Police misconduct makes headlines, but there are multiple instances where people are injured at the hands of government.
- Students denied equal access to education
- Citizens denied the right to vote
- Inmates denied medically appropriate care
- Loved ones wrongfully convicted
- Individuals arrested for recording police stops
- Persons denied free speech or religious rights
- Persons involuntarily committed without due process
- Communities subjected to racial profiling and illegal policing
- Retaliation by government on whistleblowers
Sometimes injuries are due to bad actors, but the majority of injuries arise due to problems writing or implementing policy. And still others are injured because the law is evolving and the government is playing catch up.
Two such areas where government is playing catch up involve disability and LGBT rights. Schools are working to incorporate into their nondiscrimination policies, provisions that provide students an education free from discrimination based upon perceived or actual gender nonconformity or sexual orientation. Another example is government playing catch up with technology which provides people with disabilities greater access to accommodations in the workforce as well as at the voting booth.
Fortunately, there is a remedy when the government violates our federal rights.
Sometimes old laws have modern relevance, and one such law is getting a lot of attention lately. Enacted in 1871, 42 U.S.C. §1983, provided a federal remedy when police officers in the South looked the other way when members of the Klu Klux Klan attacked African-Americans. The statute provides in part:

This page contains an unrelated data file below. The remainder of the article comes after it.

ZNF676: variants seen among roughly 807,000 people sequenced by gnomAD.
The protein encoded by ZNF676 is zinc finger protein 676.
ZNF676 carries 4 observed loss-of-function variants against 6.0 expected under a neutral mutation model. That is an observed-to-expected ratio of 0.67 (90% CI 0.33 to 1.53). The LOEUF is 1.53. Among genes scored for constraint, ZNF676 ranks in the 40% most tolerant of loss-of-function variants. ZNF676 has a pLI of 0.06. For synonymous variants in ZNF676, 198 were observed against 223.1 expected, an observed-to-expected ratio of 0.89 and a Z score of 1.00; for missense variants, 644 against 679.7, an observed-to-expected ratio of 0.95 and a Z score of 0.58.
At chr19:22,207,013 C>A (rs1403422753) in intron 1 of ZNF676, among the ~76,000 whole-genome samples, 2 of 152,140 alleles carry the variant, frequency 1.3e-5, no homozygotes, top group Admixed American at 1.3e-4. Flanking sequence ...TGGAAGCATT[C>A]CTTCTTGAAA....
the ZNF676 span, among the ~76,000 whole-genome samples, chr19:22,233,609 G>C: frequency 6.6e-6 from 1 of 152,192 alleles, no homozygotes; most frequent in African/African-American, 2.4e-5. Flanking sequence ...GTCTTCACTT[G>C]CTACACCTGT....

“Every person who, under color of any statute, ordinance, regulation, custom, or usage, of any State or Territory or the District of Columbia, subjects, or causes to be subjected, any citizen of the United States or other person within the jurisdiction thereof to the deprivation of any rights, privileges, or immunities secured by the Constitution and laws, shall be liable to the party injured in an action at law, suit in equity, or other proper proceeding for redress . . .”
Action was brought, not against the KKK, but against local police officers to get them to enforce the law evenly. This federal law permits courts to order government agencies (in this case, law enforcement) to take certain actions. The law has evolved to allow injured parties to collect money in some cases as well as attorney fees (which can encourage attorneys in private practice to take the case).
Section 1983 claims, as they are called, were used during Reconstruction and then didn’t get much use until the ‘60’s during the Civil Rights era.
To qualify for Section 1983 protection, your US Constitutional or federal rights must be violated by a government actor, which can now include government contractors in certain instances. If a private citizen or business (not acting on behalf of government) violates your civil rights there other remedies, but a Section 1983 case won’t be one of them.
The Indianapolis Star ran an excellent story on an innocent man wrongfully convicted. Keith Cooper was victimized by our justice system, and now that he is out of jail, he is working to clear his name and recover for all those years he was wrongfully imprisoned. One of his remedies will be to seek redress under Section 1983.
Finding help can mean looking at all available resources, which will be covered in the following post.
In the meantime, document everything you can about your injury, including names and contact information. Gather witness statements as well as their contact information. Make public records requests to obtain documents, police reports, and policies.
And check back for the next post on where to find help.